Community member Laragene Williams wrote this in response to Daniel Goleman’s TED Talk, Why aren’t we more compassionate?:
“Love what he says about IQ. Wonder what would happen if in our schooling we were taught how to deal with how vulnerable we feel when we allow ourselves to be compassionate. What if we never felt vulnerable because we had never had anything to feel vulnerable about? In my son’s classroom he was not allowed to help others, or be concerned about others, or to touch others. He was to mind his own business, focus on himself, and not look at anyone else. Compassion, not academics or sports, is his strength. But not once did anyone suggest that we build on his capacity for compassion.
I have to wonder if somehow we are teaching, and testing, our children to do and be the opposite of what we actually are hoping for, and I wonder if it isn’t in the daily training. In my Montessori 3-6 classroom, I will never forget a little boy mopping the floor after a spill during story time. The whole bucket of water spilled onto the floor. He was just four, and was practicing using the mop for the first time after a lesson on mopping. The room was very quiet, I was reading a story. I didn’t stop reading, because I noticed that he was beginning to clean it up. Without any direction from me, one of the children got up quietly and found a sponge to help, and then another, and another, and another, and another, without a sound, without speaking to each other, without interruption. I just kept reading. But like now, tears came, I was so moved by their wisdom and respect and their compassion. It was lovely to acknowledge afterwards.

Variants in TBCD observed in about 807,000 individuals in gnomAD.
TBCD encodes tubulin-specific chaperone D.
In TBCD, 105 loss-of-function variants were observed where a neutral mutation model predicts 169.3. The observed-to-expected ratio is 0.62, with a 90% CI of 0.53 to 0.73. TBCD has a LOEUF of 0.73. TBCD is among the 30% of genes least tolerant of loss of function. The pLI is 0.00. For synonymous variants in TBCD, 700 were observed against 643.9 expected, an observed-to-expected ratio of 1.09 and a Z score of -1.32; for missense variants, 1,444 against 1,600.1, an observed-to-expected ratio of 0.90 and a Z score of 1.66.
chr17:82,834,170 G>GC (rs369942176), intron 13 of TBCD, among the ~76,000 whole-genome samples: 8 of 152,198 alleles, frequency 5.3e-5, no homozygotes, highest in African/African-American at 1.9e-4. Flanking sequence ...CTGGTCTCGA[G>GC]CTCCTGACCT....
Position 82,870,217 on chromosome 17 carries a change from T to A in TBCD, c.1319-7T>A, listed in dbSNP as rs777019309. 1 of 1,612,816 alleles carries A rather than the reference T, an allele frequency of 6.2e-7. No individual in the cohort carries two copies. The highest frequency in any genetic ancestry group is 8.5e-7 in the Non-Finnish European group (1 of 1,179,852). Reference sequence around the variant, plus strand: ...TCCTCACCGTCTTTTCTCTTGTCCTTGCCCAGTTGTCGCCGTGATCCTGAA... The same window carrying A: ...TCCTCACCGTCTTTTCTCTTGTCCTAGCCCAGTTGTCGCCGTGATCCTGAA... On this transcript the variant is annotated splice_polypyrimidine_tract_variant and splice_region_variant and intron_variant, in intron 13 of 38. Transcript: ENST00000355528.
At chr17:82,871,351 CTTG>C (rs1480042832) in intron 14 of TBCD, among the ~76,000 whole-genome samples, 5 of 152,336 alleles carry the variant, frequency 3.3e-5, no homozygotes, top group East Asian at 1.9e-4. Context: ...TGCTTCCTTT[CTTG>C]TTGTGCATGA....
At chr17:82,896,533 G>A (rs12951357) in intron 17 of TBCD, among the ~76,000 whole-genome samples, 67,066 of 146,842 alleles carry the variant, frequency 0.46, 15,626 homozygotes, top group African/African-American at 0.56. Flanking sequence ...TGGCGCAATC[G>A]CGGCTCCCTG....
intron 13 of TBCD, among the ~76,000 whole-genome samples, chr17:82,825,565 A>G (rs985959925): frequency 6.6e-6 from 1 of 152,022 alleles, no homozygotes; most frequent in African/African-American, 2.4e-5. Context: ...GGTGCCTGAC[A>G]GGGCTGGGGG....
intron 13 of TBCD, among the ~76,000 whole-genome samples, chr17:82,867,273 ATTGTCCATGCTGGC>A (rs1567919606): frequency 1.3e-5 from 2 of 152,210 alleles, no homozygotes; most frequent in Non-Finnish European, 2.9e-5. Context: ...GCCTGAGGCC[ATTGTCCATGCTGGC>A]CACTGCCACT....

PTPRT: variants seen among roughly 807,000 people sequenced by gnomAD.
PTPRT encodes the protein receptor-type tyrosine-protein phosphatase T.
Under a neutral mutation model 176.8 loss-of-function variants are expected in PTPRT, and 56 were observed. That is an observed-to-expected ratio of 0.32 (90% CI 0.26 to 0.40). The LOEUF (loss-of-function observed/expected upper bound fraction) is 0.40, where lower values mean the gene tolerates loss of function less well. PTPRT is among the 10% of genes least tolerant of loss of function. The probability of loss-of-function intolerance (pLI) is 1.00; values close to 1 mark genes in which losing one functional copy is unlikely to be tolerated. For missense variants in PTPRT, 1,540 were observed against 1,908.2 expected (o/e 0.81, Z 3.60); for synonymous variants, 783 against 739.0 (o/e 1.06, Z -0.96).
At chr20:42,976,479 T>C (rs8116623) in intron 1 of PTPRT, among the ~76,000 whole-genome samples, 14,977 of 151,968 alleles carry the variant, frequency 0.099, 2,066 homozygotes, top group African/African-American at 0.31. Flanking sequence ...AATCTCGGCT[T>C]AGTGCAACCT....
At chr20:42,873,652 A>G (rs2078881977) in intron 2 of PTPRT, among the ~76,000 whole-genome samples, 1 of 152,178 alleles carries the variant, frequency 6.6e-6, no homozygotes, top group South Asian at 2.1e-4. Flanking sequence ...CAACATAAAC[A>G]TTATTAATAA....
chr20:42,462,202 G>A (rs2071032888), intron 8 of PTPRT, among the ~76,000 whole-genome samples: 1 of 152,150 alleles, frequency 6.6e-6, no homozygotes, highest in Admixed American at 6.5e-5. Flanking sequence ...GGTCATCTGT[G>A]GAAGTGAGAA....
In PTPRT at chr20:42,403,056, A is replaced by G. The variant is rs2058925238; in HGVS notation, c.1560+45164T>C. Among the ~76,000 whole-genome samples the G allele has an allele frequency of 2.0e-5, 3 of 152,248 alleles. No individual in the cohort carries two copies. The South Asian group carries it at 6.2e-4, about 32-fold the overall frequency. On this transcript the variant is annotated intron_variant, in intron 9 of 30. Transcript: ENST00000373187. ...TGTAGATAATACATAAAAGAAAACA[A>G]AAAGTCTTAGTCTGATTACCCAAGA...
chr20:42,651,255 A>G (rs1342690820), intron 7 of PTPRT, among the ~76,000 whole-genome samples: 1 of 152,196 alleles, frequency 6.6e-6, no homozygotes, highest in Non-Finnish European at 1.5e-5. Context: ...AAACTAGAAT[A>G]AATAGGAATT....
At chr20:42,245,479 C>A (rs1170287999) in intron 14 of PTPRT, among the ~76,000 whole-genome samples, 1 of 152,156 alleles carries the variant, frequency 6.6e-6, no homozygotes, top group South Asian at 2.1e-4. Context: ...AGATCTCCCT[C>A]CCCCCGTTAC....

Children start with compassion. Isn’t it our duty to notice it, nurture it, learn from it, and help it along? When we do, the return on our investment is moving for all involved. Thank you for all you do to help us challenge ourselves to notice, and act, and teach and keep learning.”
— Laragene Williams
We’re always on the lookout for sharp critique, thought-provoking questions or interesting insights in response to TED Talks. Post your thoughts alongside any talk; we read them all and will feature one comment on ideas.TED.com each weekday. (Comments are lightly edited for spelling and grammar.)